Squeeze iPhone X to prevent theft, suggests Apple's Federighi

Commentary: In an email to a developer, Apple's SVP of software engineering offers two ways to stop thieves from making off with your iPhone X.

Chris Matyszczyk
2 min read
Watch this: iPhone X's hidden security trick

Technically Incorrect offers a slightly twisted take on the tech that's taken over our lives.

Enlarge Image

Before this happens, squeeze.

Apple/Screenshot by CNET

And the doubts have begun.

Yes, Apple claims that Face ID on the iPhone X is far more secure than Touch ID ever was.

Yet the poetic and the paranoid have already been concocting scenarios in which unlocking your phone with facial recognition is fraught with danger.

What if, for example, a thief -- or, perish the idea, a police officer -- demands you stare at your phone to unlock it?

Craig Federighi, Apple's senior vice president of software engineering -- who had his own seeming snafu (denied by Apple) with Face ID during Apple's event on Tuesday -- says there are two things you can do to stop nefarious actors from forcing you into Face ID.

Developer Keith Krimbel boldly emailed him to ask about the problem. He posted Federighi's reply to Twitter.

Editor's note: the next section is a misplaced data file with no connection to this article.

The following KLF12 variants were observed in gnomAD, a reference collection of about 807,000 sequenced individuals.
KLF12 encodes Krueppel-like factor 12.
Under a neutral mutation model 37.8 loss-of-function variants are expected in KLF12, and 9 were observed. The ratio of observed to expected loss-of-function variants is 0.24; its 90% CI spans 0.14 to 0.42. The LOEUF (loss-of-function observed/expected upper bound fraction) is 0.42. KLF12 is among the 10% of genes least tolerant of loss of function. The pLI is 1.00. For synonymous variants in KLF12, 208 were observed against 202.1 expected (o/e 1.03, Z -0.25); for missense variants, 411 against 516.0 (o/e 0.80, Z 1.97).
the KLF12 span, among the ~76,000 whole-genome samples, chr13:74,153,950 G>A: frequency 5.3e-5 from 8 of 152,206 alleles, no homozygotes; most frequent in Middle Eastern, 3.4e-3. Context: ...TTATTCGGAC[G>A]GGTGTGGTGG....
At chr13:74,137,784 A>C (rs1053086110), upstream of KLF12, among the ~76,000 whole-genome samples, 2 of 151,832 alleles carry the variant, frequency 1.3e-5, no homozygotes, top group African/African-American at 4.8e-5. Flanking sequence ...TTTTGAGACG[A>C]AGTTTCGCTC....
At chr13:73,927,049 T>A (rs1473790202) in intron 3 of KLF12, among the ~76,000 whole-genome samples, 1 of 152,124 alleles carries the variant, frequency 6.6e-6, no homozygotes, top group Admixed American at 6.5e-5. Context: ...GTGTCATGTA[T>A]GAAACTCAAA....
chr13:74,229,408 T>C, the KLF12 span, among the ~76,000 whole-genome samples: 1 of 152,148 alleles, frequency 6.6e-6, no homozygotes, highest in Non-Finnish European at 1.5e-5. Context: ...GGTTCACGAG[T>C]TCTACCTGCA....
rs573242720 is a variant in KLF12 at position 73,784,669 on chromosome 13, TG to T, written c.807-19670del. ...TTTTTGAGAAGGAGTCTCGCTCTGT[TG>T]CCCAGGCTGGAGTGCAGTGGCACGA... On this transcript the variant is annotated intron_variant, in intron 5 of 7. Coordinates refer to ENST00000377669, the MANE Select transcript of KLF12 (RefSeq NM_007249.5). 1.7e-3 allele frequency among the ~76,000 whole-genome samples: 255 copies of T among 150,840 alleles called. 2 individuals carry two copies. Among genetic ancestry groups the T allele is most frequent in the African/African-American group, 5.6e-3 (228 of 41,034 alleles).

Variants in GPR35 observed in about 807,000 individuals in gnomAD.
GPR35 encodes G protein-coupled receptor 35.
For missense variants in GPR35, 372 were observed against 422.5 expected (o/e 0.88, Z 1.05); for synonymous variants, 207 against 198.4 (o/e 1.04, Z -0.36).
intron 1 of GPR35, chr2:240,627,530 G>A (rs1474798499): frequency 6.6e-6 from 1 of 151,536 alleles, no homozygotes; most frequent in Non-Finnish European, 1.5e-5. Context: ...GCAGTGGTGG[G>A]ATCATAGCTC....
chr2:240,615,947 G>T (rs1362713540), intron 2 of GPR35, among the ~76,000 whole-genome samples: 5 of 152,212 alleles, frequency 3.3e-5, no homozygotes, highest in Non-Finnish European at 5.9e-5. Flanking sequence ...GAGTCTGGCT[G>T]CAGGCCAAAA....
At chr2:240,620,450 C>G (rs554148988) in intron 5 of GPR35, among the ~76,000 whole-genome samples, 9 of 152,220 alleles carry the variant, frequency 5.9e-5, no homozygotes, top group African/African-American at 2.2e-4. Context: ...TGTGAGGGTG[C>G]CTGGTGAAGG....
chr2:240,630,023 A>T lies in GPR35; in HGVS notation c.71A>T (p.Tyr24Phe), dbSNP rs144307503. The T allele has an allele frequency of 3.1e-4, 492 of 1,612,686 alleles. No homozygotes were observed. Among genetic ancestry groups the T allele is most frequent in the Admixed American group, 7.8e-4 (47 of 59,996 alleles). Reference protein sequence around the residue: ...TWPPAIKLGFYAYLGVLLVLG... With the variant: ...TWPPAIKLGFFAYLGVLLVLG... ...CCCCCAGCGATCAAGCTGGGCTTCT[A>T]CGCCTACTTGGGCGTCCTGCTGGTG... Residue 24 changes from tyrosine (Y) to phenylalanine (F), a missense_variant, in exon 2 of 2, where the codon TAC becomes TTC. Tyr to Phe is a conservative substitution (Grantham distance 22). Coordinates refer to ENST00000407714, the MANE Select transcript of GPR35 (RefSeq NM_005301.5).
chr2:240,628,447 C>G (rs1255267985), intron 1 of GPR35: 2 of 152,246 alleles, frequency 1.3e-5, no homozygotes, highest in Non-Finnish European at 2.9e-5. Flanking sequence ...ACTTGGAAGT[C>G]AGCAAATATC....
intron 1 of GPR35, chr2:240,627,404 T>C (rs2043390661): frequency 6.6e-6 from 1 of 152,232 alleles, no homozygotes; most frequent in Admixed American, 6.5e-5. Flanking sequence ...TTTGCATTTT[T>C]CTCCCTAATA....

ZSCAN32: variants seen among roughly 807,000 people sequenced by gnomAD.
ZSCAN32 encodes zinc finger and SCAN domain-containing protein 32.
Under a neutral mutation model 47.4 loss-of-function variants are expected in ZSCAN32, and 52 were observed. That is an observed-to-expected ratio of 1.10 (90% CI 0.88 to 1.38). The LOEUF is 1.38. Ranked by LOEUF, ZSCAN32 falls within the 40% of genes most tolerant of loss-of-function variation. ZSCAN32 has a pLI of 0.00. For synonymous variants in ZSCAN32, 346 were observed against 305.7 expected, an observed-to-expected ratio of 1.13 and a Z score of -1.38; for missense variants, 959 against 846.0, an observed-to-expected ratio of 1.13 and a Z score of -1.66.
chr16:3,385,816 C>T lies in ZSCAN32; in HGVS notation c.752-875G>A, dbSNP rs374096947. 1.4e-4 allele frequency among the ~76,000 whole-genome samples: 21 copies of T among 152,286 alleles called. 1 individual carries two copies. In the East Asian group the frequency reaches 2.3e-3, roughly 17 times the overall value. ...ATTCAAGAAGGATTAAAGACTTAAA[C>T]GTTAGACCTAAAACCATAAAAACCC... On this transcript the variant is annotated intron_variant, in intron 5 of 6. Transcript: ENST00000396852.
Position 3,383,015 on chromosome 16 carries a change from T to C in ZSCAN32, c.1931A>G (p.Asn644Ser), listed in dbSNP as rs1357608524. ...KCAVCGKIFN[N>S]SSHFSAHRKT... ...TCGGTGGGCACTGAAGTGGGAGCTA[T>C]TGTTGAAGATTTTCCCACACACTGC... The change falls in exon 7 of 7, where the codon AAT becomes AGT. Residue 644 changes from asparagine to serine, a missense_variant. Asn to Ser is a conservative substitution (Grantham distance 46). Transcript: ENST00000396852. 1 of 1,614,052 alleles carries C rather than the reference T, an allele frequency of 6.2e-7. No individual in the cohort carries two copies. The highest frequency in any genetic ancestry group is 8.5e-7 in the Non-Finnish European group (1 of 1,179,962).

Federighi's first solution was a little obvious: "If you don't stare at the phone, it won't unlock." 

Thieves -- or even the police -- aren't always so reasonable as to let you not do what they want. They might just force you to stare. 

His second suggestion, though, was fascinating. 

"If you grip the buttons on both sides of the phone when you hand it over, it will temporarily disable Face ID," he said.

It's unclear for how long such an action might knock out the system. Apple didn't immediately respond to a request for comment.

Clearly, iPhone X owners will have to practice their squeezing techniques. It would be painful and costly to be held up and discover that you were squeezing it all wrong.

Still, one has to believe that this will be possible.

Federighi also replied to a question about whether Face ID would work with sunglasses. 

"With most, but not all," he said. "Most sunglasses let through enough IR (Infra-red) light that Face ID can see your eyes even when the glasses appear to be opaque. It's really amazing!" 

It would, indeed, be awkward -- especially for those living in California, where shades are de rigueur, even inside restaurants -- to discover that they prevented you from unlocking your phone.

Still, the iPhone X won't appear in the real world until November 3. Perhaps it's worth squeezing your existing phone a few times, just to train the muscles. You'll have to make it instinctual very quickly.